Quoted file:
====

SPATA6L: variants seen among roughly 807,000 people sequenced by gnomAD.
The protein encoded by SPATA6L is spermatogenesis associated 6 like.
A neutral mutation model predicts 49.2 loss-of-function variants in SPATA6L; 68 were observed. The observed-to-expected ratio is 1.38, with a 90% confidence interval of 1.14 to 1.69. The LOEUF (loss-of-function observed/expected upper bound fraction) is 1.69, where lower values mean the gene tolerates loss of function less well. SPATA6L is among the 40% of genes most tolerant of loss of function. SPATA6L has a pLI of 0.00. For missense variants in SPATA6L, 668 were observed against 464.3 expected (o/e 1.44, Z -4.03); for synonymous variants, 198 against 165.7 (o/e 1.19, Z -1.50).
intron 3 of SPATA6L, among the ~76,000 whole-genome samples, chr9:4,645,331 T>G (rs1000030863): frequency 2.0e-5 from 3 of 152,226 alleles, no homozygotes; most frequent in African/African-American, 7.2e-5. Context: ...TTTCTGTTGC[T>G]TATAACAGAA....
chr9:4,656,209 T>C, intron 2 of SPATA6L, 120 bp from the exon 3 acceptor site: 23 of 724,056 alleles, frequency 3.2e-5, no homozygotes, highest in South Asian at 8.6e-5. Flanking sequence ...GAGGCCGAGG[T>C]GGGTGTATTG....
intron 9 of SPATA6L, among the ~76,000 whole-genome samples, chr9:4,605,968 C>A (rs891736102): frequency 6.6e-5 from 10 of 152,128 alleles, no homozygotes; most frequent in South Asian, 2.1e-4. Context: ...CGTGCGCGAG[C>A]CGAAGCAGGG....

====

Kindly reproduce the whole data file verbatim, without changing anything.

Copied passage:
SPATA6L: variants seen among roughly 807,000 people sequenced by gnomAD.
The protein encoded by SPATA6L is spermatogenesis associated 6 like.
A neutral mutation model predicts 49.2 loss-of-function variants in SPATA6L; 68 were observed. The observed-to-expected ratio is 1.38, with a 90% confidence interval of 1.14 to 1.69. The LOEUF (loss-of-function observed/expected upper bound fraction) is 1.69, where lower values mean the gene tolerates loss of function less well. SPATA6L is among the 40% of genes most tolerant of loss of function. SPATA6L has a pLI of 0.00. For missense variants in SPATA6L, 668 were observed against 464.3 expected (o/e 1.44, Z -4.03); for synonymous variants, 198 against 165.7 (o/e 1.19, Z -1.50).
intron 3 of SPATA6L, among the ~76,000 whole-genome samples, chr9:4,645,331 T>G (rs1000030863): frequency 2.0e-5 from 3 of 152,226 alleles, no homozygotes; most frequent in African/African-American, 7.2e-5. Context: ...TTTCTGTTGC[T>G]TATAACAGAA....
chr9:4,656,209 T>C, intron 2 of SPATA6L, 120 bp from the exon 3 acceptor site: 23 of 724,056 alleles, frequency 3.2e-5, no homozygotes, highest in South Asian at 8.6e-5. Flanking sequence ...GAGGCCGAGG[T>C]GGGTGTATTG....
intron 9 of SPATA6L, among the ~76,000 whole-genome samples, chr9:4,605,968 C>A (rs891736102): frequency 6.6e-5 from 10 of 152,128 alleles, no homozygotes; most frequent in South Asian, 2.1e-4. Context: ...CGTGCGCGAG[C>A]CGAAGCAGGG....